La Vie Est Belle
Reviewed by: Max Miller
In an era when moods or vibes dominate the way we construct playlists and listen to music, Petite Noir refuses to be tacked down to anything so simple as “chill” or “summer cookout.” Yannick Ilunga, the South African musician behind the project, challenges any preconceptions a listener might have about his African background or even about his individual songs in relation to one another. On La Vie Est Belle, his debut LP, Ilunga combines house, synthpop, post-punk and afrobeat influences into the kind of adventurous, eclectic album that could top the Village Voice Pazz & Jop year-end poll.
The breadth of textures Ilunga incorporates is matched in impressiveness only by the seamlessness with which they intermingle. “Best” sounds like it could be a golden-era XTC or Tears For Fears b-side, but as straining horns bolster its coda, one can begin to hear the African tangents in the drumming that were previously masked. The seven-minute “Seventeen (Stay)” layers a dense network of rhythms and counter-rhythms, while Ilunga breaks out of his lower register to punctuate the song with glorious cries of “Stay there” over triumphant Balearic synths that eventually get their own solo moment, standing out starkly against the sudden absence of percussion like a forest of chirping tropical birds. He further explores the achingly beautiful corners of his higher range on album closer “Chess.”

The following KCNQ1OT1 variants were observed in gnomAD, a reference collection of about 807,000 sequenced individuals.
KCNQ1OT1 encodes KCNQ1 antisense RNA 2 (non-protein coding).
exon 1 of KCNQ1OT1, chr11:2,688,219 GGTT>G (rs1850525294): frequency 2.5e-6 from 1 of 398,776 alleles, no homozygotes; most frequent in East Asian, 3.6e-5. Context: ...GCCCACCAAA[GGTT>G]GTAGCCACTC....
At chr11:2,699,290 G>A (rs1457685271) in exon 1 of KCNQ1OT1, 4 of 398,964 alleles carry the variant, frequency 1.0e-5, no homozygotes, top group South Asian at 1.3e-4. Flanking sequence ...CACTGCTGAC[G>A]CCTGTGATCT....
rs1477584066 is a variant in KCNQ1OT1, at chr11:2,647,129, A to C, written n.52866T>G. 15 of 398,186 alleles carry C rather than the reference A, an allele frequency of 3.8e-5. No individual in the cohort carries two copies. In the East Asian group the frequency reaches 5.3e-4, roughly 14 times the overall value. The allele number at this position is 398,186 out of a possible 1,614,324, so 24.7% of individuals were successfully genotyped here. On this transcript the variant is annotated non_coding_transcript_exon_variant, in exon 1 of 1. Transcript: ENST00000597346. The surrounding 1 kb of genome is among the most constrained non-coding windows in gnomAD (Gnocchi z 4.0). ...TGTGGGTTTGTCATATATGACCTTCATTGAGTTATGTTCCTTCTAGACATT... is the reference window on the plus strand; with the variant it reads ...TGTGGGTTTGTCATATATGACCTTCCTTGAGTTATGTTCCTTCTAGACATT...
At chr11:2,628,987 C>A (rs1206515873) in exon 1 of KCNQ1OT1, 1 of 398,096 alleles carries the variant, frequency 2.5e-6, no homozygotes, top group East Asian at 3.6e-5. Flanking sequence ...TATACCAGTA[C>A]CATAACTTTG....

Ilunga has a knack for danceable rhythms, and I wouldn’t be surprised to see extended remixes of tracks like “Just Breathe,” “MDR” or “Colour” in the near future. This certainly might help Petite Noir find a wider audience. The downside of the project’s uncategorizable sound is that it could make it easy for La Vie Est Belle to be overlooked. It can be a bit too reserved or obtuse for the more pop-inclined crowd, but at the same time not as out-there for the avant-garde appreciators to go gaga over. We live in a good age for musical risk-takers, however. Similarly experimental and unpredictable artists like FKA Twigs, Perfume Genius, Shamir and St. Vincent have been making strides across all levels of music consumption. There’s a good chance Petite Noir will resonate with more than just a few.